Thursday, April 28, 2011
Here are some notes I made for the presentation I gave last night at yoga teacher training on aparigraha, or non-greed and non-grasping. At the end are some questions you can contemplate and offer answers to - if you're so inclined - in the comments section. Enjoy!
Yoga Sutra II.39
aparigrahasthairye janmakathamta sambodhah
Translation adapted from T.K.V. Desikachar:
“One who is not greedy is secure. He has time to think deeply. Her understanding of herself is complete.”
There are two basic ways greed manifests.
1. Desire for that which you don’t have, or perceive you don’t have
2. Stinginess with what you do have, hording
Wants vs. Needs: This yama really zeros in on our muddy thinking around needs and wants. We frequently mistake want for need, and these mistakes are reinforced by our possession-addicted culture. What is it that you really need in life? And what do you actually own anyway?
Greed and the Material: Those of use that have a lot of “stuff” in our homes and apartments often struggle around taking care of it all. Having more might offer convenience and comfort in the short term, but in the long term, having too much often ends up draining your time and energy.
Greed and the Non-Material: The same can happen to those who don’t have a lot of material possessions, but who lust after ideas, knowledge, or experiences.
Excess time and energy might be spent on, for example, learning every possible variation of trikonasana and the history behind each variation, and then more time and energy spent on defending what you have learned. (Notice the first half of the example demonstrates desire for more, while the second demonstrates a form of stinginess.)
“The final yama in Patanjali's list is aparigraha, or nongreed. This is a very difficult one to practice, surrounded as we are with advertisements that attempt to whip up our desire for more. In some ways our society's economic system is based on greed … Greed is not just confined to material goods. We may hunger after enlightenment, difficult asanas, spiritual powers, or perfect bliss. One way to sidestep the trap of greed is to follow the advice of the sages: Be happy with what you have. This spirit of true renunciation will diminish the power of aparigraha.”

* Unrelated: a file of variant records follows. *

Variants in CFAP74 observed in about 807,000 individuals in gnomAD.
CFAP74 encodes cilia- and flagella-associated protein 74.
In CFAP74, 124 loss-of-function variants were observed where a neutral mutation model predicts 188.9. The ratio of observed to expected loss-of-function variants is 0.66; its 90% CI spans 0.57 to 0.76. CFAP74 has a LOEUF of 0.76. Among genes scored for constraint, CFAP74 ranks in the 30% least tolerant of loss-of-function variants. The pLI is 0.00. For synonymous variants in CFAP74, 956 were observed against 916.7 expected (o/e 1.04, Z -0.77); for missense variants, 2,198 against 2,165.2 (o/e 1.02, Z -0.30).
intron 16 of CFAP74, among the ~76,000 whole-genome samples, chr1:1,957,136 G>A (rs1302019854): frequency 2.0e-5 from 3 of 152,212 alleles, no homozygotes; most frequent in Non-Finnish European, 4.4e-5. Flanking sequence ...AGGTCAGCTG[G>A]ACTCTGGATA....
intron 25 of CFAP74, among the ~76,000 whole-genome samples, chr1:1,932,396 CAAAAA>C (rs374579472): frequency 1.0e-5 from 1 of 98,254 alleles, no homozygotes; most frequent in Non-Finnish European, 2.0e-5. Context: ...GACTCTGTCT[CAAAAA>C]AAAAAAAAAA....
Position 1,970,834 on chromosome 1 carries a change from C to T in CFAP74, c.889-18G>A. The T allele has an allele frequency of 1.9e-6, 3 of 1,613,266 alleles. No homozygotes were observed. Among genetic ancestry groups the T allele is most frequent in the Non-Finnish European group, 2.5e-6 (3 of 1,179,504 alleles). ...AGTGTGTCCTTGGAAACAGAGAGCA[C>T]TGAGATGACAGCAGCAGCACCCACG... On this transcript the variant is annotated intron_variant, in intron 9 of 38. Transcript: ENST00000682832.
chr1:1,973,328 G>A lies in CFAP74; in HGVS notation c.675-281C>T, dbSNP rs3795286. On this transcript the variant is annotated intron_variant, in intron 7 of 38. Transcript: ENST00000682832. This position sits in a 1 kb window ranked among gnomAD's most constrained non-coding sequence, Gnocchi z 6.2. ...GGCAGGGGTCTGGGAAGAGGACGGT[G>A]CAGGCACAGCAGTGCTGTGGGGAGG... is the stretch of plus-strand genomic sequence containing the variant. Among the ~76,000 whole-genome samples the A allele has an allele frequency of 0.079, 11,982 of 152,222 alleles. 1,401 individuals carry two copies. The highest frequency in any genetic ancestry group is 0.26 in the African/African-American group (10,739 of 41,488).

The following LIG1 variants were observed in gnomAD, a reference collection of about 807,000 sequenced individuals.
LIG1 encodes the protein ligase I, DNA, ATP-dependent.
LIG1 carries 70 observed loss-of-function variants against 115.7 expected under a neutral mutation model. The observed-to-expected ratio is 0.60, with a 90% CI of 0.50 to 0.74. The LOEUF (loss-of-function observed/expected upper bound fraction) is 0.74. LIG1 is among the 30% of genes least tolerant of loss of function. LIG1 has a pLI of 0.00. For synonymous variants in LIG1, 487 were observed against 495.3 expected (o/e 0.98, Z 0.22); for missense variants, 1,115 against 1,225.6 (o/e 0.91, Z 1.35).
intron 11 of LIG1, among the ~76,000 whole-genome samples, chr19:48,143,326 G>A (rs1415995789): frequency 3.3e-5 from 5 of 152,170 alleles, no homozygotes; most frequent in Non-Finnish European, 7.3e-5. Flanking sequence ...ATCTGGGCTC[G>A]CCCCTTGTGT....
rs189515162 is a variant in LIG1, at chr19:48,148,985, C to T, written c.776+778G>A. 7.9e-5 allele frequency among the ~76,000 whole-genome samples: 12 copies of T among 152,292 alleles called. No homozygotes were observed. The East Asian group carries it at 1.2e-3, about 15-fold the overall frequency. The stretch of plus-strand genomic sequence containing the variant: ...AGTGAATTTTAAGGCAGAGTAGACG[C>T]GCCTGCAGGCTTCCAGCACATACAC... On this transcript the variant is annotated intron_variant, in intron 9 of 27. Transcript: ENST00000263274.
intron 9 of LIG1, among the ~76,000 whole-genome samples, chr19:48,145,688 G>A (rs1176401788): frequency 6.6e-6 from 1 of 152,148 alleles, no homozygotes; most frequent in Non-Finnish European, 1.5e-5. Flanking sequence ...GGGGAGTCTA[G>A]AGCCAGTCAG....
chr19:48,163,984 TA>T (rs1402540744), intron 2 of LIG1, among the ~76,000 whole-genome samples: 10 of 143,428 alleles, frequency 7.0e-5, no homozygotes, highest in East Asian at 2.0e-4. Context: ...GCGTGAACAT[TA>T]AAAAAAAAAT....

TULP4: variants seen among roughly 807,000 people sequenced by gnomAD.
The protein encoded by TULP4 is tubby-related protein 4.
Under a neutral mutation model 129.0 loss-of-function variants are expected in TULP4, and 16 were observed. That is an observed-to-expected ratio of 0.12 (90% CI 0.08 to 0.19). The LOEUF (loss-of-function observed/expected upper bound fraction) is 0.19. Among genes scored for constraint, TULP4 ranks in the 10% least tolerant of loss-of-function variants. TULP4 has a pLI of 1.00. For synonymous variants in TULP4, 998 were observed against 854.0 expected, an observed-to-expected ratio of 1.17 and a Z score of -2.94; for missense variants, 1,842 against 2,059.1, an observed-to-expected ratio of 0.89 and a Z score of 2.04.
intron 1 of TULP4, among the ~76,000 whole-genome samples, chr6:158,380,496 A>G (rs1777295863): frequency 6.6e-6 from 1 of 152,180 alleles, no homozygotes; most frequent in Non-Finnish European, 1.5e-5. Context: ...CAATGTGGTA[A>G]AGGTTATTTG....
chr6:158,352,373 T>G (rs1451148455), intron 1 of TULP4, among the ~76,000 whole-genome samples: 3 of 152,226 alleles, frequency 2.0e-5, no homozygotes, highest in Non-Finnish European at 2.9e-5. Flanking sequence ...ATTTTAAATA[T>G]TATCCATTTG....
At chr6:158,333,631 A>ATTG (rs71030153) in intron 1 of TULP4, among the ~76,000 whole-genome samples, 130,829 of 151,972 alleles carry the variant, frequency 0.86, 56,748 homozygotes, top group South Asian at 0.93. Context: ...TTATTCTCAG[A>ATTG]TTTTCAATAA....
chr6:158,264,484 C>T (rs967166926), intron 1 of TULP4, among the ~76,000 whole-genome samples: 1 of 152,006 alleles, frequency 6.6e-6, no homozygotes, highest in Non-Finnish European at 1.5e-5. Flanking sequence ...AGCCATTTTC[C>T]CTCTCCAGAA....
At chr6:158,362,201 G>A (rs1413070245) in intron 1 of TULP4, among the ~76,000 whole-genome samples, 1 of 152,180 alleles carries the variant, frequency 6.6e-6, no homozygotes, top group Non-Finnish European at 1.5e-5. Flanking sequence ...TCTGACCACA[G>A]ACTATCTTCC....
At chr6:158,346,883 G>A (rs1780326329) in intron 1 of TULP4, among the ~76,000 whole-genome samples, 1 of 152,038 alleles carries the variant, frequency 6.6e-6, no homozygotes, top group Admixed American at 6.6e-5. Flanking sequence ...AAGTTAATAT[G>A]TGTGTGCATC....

Article by Judith Lasater
Greed and Your Identity: One of the very tricky places where greed manifests is around identity. Think of all the effort you put into building yourself in certain ways, presenting yourself in certain ways, and also in trying to get rid of that which you don’t like or want about yourself. Now, certainly some of this effort is quite necessary for living a healthy, fully engaged life, but some of it is also based in greed. Holding on to certain accomplishments, skills, or personal qualities in order to impress others, fit in with a certain group, or demonstrate your worthiness is one way this happens. Another is in all the attempts to hide disliked or maladapted qualities, lack of skills or lack of accomplishments.
Ultimately, manifestations of greed are really demonstrations of a lack of faith in yourself, and in the divine of the universe. Fearing you won’t be provided for, or won’t be able to get what you do need in the present or future, you take excess or withhold too much.
“By the observance of aparigraha, the yogi makes his life as simple as possible and trains his mind not to feel the loss or the lack of anything. Then everything he really needs will come to him by itself at the proper time.” B.K.S. Iyengar in Light on Yoga
What do you really need?
What are some things (objects or ideas/experiences) that you think you need, but actually don’t need?
Where in your yoga practice have you been letting something external define your happiness? Where in the rest of your life?
What can you do differently to practice aparigraha in these situations?